AM: When I was in college I worked a couple of summers as a backpack guide, in a Lutheran camp in Colorado and I learned guitar from somebody there. I was probably about 21. I feel like I’ve never gotten particularly amazing at it. I’m a rhythm guitar player: I can play with anybody but when anybody looks at me and asks me to take a solo or something, it quickly falls apart. I just want to play with my friends, to sing, and write songs.

DB: Do you play any other instruments? 

AM: I play a little bit of trombone but it’s mostly left over from when I was quite a bit younger. I had to play it in a show, and I picked it up and looked at a piece of music and found that I could still play.

DB: That’s really weird, isn’t it. 

AM: It is weird. You have no idea and you look at it and your muscles remember what to do. It’s amazing what is floating around in our brains sometimes!

DB: How important is making music to you? 

AM: I find when I have a lot of feelings it’s the best thing, I think because honestly there’s something about singing and vibrating my body with sound, really helps me to… get the emotion out, to express, in a way that even talking doesn’t sometimes. I grew up with my mom playing the piano, me and my brothers would sing in church, (with my grandma too) so music has always been important of my life. I sing to my baby all the time. It’s the best!

My daughter’s name is Mariah and I remember, when we landed on that name, I said, ‘Oh, that’s also a really good tune!’ “They Call The Wind Mariah” and when I listened to it I was like, ‘Oh, it’s even better than I remember! This is a really good song!’ So my War Horse friends and I, we make a little Christmas album every year, and that was one of the tracks this year.

DB: Perfect! Especially for this Christmas, her first Christmas.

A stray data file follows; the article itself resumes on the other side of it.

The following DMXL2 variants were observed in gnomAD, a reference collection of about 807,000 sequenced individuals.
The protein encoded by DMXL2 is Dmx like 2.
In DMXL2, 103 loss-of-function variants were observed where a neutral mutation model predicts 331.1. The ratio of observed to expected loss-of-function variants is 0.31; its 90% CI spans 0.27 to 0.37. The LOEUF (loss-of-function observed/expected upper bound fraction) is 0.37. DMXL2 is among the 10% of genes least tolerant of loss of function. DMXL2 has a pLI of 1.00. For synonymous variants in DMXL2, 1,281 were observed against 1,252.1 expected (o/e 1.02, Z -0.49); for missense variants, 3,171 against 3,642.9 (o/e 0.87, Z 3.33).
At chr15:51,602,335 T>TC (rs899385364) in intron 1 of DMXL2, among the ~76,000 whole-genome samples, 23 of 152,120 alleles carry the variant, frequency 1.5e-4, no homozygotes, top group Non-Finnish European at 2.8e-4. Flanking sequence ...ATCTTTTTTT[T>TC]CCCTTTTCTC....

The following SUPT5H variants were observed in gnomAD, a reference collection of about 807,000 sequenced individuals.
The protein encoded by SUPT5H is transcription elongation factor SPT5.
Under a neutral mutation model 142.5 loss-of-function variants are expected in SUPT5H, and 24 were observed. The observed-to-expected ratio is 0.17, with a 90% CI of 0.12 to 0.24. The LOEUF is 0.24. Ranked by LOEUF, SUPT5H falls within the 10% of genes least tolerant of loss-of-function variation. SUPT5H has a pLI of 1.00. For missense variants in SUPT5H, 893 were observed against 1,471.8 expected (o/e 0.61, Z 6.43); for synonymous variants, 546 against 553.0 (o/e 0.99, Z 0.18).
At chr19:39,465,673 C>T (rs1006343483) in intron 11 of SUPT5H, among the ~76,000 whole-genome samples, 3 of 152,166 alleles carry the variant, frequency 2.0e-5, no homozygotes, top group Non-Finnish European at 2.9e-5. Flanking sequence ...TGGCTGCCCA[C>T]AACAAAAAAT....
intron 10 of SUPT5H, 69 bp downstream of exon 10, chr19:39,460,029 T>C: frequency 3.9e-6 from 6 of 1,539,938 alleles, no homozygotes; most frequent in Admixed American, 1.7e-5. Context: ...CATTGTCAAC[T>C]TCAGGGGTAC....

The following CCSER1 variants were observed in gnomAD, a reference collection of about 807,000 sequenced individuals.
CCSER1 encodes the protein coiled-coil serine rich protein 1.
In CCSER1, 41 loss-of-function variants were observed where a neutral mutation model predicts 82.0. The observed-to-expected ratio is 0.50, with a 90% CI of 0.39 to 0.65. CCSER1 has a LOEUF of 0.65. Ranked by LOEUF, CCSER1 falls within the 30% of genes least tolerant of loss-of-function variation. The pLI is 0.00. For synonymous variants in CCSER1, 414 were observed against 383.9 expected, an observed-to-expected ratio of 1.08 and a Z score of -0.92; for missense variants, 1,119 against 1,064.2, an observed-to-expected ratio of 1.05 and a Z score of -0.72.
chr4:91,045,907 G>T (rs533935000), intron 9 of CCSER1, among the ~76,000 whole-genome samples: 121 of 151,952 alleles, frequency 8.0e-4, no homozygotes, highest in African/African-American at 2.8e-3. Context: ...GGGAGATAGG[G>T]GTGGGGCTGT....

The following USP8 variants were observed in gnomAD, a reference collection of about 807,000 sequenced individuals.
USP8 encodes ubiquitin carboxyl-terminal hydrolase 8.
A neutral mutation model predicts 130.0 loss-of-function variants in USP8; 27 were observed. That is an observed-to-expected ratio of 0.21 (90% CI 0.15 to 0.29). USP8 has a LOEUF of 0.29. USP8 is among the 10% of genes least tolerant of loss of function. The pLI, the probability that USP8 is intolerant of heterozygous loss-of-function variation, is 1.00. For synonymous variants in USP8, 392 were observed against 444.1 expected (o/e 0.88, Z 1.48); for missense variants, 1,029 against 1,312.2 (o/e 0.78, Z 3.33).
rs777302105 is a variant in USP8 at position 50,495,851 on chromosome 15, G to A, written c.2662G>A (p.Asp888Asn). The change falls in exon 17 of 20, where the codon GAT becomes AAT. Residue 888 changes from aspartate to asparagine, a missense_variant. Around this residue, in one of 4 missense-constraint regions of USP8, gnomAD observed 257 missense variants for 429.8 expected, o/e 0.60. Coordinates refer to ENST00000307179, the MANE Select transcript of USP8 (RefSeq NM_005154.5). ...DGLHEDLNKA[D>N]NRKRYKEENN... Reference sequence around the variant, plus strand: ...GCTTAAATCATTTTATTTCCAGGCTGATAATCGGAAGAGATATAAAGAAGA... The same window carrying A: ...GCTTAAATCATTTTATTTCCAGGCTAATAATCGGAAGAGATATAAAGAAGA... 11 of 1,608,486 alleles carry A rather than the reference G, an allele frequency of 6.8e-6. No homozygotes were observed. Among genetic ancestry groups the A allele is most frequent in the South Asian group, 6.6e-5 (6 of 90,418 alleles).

AM: She’s going to be sick to death of it by the time she’s a teenager! But when she’s 30 she’ll be like, ‘I’m so glad there’s this great song with my name!’

Music Questions:

DB: What was the first single or album that you bought? 

AM: It’s really embarrassing: Vanessa Williams’ Save The Best For Last.

DB: Why did you choose that? 

AM: I was 9! And I just really liked that song. We got a CD player for the first time and I think we got to choose what albums we wanted. I played it a lot. It’s a very sentimental, emotional ballad.

DB: Is there a song, or songs, that take you back to a special time in your life? 

AM: Good question! When I was in high school, one of my close friends was into The Rolling Stones and introduced me to The Rolling Stones, and so I feel like whenever I hear some of the Stones, it makes me feel like I’m in high school. I feel like he’s responsible for helping me develop better taste in music than I had.

DB: Have you got a song that, if you put it on the radio or whatever, you have to play really loudly at full volume? 

AM: Tom Waits’ “Going Out West” also “Make It Rain.” There’s a few Tom Waits’ songs that, if they’re on, they’ve got to be loud!

DB: Is there a movie soundtrack, or theme, you particularly love? 

AM: I’ve listened to the Jackie Brown soundtrack a lot in my life. All of the Tarantino soundtracks are pretty great. There’s a lot of really good soundtracks this year, I feel like: The Shape of Water soundtrack is pretty cool, the Phantom Thread soundtrack is pretty cool.

DB: What genres of music do you like listening to? 

AM: I’m generally most interested in roots music: folk, blues, jazz, rock ‘n’ roll; that’s my touchstone. I definitely veer outside of that but most of the things I like have some element of roots music.

DB: Do you have any favourite artists? 

AM: I’m a Tom Waits junky, that’s my greatest love!

DB: Is that the lyrics?